The Royal Moroccan Football Federation (“FRMF”) and the Tunisian Football Federation (“FTF”) have filed appeals before the Court for Sports Arbitration (“CAS”) in Lausanne, Switzerland.
They are appealing against sanctions and disciplinary orders made by the African Football Confederation (“CAF”) in relation to the 30th Africa Cup of Nation which was held in Guinea earlier this year (the “Appeals”).
The claims are of interest because they illustrate the role of CAS in the region, a role that is set to become more important with the ever-growing amount of sporting events taking place in the Middle East and North Africa, not least the 2022 World Cup in Qatar.
Morocco was meant to host the 30th Africa Cup of Nations but decided to withdraw due to the spread of the Ebola virus epidemic in West Africa. The FRMF had requested from the CAF a postponement of the 2015 tournament, but CAF rejected the idea. FRMF then withdrew from hosting the tournament, which prompted CAF to move the tournament to Guinea. CAF also banned Morocco from taking part in the next two tournaments and imposed a fine of USD 1 million and the payment of Euro 8 million in compensation to CAF and its stakeholders.
FRMF seek to appeal these decisions by CAF made against it. It is expected that an award in connection to the appeal will be issued within about three months.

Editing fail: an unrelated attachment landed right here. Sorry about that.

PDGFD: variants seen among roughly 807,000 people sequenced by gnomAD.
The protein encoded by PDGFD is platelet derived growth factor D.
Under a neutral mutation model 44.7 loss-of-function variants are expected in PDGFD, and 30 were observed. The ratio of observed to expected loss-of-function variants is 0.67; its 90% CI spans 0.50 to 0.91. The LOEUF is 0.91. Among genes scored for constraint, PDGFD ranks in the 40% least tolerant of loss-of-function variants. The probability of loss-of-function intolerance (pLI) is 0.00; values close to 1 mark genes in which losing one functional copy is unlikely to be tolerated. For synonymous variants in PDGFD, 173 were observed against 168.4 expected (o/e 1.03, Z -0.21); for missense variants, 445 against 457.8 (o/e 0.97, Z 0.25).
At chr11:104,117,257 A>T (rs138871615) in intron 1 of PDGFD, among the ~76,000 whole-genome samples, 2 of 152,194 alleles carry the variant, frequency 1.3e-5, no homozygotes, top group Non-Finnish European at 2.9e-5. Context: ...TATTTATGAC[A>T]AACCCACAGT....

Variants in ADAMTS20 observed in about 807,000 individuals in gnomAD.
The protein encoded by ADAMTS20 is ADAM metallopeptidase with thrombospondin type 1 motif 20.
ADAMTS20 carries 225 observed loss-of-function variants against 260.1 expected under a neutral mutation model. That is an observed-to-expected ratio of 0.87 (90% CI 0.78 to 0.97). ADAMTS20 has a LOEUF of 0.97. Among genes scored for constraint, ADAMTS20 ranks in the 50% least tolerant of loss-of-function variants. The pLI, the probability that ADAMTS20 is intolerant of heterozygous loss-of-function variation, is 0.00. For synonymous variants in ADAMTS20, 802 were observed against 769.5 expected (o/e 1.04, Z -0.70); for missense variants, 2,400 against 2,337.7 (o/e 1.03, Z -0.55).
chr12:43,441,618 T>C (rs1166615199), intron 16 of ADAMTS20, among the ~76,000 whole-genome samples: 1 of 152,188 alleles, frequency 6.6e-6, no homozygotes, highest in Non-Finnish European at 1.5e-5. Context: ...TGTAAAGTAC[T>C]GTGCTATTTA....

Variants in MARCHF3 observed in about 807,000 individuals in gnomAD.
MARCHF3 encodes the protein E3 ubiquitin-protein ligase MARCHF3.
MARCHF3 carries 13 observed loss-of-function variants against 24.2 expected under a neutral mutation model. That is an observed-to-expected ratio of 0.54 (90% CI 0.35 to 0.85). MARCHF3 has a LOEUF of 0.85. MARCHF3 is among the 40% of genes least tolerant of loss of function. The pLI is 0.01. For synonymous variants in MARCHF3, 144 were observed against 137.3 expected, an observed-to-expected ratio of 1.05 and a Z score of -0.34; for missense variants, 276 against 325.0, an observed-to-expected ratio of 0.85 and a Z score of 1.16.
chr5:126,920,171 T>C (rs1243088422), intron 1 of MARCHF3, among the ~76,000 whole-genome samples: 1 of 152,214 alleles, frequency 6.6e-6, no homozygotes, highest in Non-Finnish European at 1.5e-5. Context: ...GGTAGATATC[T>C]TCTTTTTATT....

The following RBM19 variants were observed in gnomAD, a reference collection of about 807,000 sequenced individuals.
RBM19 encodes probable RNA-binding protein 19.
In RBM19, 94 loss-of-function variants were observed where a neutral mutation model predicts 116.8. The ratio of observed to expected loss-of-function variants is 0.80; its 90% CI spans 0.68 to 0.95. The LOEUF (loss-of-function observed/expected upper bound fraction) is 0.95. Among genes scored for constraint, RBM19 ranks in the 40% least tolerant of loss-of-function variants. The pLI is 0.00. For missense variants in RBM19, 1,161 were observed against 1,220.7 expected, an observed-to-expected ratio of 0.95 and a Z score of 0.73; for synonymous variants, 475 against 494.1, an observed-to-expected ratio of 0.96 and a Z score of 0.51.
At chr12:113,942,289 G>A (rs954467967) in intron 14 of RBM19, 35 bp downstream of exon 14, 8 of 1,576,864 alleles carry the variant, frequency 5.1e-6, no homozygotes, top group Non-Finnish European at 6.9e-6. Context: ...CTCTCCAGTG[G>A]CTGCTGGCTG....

The appeal by the FTF relate to sanctions that were ordered by CAF as a result of incidents that took place on the pitch at the end of a quarter final match of the Africa Cup of Nations between Tunisia and Equatorial Guinea. The incidents were mainly actions directed against the match referee and CAF officials.
CAF condemned FTF for the incidents, fined them USD 50,000, and invited them to send an apology to CAF for accusations of bias against the Tunisian team, or to present a letter with irrefutable and tangible evidence proving FTF’s claims of CAF’s bias. CAF also endorsed the decision to suspend the FTF president, Mr. Wardie Jari. CAF fixed a deadline of 31 March 2015 for the FTF to conform with the CAF directives, failing which Tunisia would be disqualified from the following Africa Cup of Nations in 2017.
The CAF announced on 1 April 2015, that during a meeting on 13 March 2015 with the FTF, the FTF started its presentation with a formal apology. However, in its press release, CAF did not state that the apology complies with the decision of the disciplinary board of 6 February 2015. Moreover, it has been announced in a Nigerian newsletter that the FTF sent an apology to CAF, however the announcement has not been officially confirmed till date.
In its statement of appeal the FTF enclosed a separate request to stay the decisions relating to the suspension of Mr. Jari and the disqualification of Tunisia from the 2017 Africa Cup of Nations pending the appeal. However, on 5 March 2015 CAS issued an order rejecting the request for a stay based on its non-urgency. CAS stated that there was no irreparable damage attached or to be suffered by FTF given that the tournament is taking place in the year 2017.
It is expected that an award in connection to the appeal will be issued within about three months.
The role of CAS